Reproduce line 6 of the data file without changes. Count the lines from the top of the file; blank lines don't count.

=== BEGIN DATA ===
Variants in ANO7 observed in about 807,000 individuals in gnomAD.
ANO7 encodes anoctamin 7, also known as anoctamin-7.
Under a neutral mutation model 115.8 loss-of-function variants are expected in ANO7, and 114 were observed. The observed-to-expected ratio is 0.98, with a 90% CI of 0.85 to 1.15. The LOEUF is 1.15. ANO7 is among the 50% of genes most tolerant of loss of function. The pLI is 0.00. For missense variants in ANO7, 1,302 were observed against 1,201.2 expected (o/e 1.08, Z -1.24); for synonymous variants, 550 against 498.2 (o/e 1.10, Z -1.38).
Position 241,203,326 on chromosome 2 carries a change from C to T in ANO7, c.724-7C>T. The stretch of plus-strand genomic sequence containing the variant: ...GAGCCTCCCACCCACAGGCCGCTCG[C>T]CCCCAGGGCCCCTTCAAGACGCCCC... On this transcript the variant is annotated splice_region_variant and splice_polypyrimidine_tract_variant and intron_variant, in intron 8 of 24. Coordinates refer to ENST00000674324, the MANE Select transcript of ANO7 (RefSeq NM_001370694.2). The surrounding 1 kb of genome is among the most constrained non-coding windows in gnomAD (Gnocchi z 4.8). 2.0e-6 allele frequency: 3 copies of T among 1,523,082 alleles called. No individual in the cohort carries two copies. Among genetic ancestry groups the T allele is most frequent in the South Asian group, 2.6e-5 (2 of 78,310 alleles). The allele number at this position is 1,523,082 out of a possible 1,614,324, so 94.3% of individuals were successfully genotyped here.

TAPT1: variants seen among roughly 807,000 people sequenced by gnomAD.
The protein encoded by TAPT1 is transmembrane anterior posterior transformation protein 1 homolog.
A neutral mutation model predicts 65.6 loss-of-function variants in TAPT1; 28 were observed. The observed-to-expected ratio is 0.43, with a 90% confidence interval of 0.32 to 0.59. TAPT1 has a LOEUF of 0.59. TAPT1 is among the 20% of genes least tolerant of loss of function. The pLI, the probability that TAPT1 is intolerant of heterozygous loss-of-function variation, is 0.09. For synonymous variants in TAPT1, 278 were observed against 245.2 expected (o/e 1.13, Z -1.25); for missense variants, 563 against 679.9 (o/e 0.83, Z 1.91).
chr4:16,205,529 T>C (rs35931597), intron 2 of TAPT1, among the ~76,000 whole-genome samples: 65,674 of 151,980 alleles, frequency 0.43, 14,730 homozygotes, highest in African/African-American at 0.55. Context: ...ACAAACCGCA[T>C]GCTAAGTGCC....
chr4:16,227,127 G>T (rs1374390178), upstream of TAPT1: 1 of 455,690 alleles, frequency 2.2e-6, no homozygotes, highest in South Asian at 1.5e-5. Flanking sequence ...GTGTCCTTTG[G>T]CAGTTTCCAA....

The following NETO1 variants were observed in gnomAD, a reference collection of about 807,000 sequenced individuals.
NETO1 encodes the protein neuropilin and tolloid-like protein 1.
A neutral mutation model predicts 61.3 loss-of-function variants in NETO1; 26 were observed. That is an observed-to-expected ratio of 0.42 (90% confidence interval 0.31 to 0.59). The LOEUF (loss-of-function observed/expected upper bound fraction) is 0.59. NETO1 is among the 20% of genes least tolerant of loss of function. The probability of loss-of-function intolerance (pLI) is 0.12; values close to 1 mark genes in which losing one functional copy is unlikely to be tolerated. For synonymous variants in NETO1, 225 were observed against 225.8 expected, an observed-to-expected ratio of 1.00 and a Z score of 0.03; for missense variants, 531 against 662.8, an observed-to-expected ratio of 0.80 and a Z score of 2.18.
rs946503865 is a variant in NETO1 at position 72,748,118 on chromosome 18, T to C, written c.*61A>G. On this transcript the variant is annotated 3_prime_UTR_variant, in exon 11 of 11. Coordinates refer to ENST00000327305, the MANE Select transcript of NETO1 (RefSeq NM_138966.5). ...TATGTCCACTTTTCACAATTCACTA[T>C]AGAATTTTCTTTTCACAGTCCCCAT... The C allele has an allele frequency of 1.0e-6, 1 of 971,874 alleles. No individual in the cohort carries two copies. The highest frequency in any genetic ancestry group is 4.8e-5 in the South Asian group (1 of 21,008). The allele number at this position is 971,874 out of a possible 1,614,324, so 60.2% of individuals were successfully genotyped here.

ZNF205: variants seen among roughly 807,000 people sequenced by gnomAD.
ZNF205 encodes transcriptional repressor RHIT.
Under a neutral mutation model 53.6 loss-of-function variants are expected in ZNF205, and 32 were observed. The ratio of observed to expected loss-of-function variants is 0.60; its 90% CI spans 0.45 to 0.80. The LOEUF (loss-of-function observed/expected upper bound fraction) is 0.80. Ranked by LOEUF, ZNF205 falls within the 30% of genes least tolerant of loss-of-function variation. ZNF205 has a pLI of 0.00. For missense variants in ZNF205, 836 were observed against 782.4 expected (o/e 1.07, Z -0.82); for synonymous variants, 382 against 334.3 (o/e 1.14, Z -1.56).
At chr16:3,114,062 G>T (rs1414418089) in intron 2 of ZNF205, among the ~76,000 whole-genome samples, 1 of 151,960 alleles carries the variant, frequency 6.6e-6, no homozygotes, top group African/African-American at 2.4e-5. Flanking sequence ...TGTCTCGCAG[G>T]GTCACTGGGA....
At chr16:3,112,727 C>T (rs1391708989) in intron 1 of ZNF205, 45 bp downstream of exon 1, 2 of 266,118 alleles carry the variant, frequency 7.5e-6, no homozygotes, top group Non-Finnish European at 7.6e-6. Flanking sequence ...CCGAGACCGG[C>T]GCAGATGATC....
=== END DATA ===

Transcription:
The protein encoded by TAPT1 is transmembrane anterior posterior transformation protein 1 homolog.